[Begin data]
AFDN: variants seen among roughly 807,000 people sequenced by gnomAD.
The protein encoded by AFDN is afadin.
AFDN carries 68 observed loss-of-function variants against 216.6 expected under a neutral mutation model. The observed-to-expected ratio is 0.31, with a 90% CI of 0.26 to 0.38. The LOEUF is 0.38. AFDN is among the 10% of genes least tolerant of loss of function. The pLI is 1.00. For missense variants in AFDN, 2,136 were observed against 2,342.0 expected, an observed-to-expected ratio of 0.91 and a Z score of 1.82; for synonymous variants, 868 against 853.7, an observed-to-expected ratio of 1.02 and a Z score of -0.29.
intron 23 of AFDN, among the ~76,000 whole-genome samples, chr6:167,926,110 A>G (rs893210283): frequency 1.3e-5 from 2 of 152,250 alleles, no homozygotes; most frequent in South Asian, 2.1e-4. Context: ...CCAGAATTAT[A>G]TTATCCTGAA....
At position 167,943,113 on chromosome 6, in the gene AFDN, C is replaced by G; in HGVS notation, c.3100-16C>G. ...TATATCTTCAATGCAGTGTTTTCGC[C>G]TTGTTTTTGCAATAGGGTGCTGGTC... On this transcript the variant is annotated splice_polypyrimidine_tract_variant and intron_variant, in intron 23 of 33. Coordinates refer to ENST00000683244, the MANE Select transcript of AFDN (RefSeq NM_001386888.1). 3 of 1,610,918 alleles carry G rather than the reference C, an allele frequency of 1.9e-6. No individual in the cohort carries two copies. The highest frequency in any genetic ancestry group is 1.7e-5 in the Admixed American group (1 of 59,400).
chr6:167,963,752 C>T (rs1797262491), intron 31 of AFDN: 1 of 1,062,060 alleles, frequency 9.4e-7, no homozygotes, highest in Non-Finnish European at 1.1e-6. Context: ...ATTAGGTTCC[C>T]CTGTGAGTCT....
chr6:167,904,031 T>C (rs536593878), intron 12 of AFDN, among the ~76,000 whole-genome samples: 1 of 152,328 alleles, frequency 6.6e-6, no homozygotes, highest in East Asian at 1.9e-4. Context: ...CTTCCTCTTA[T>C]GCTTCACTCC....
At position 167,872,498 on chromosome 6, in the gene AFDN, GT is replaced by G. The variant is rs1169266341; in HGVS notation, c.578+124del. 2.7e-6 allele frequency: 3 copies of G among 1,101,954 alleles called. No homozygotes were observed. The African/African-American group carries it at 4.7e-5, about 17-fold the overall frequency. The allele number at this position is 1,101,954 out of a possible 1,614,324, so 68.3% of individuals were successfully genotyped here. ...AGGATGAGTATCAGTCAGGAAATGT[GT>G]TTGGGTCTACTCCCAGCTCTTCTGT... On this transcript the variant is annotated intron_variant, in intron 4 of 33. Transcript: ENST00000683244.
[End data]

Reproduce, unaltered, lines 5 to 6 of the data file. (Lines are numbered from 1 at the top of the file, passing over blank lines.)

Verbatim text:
At position 167,943,113 on chromosome 6, in the gene AFDN, C is replaced by G; in HGVS notation, c.3100-16C>G. ...TATATCTTCAATGCAGTGTTTTCGC[C>G]TTGTTTTTGCAATAGGGTGCTGGTC... On this transcript the variant is annotated splice_polypyrimidine_tract_variant and intron_variant, in intron 23 of 33. Coordinates refer to ENST00000683244, the MANE Select transcript of AFDN (RefSeq NM_001386888.1). 3 of 1,610,918 alleles carry G rather than the reference C, an allele frequency of 1.9e-6. No individual in the cohort carries two copies. The highest frequency in any genetic ancestry group is 1.7e-5 in the Admixed American group (1 of 59,400).
chr6:167,963,752 C>T (rs1797262491), intron 31 of AFDN: 1 of 1,062,060 alleles, frequency 9.4e-7, no homozygotes, highest in Non-Finnish European at 1.1e-6. Context: ...ATTAGGTTCC[C>T]CTGTGAGTCT....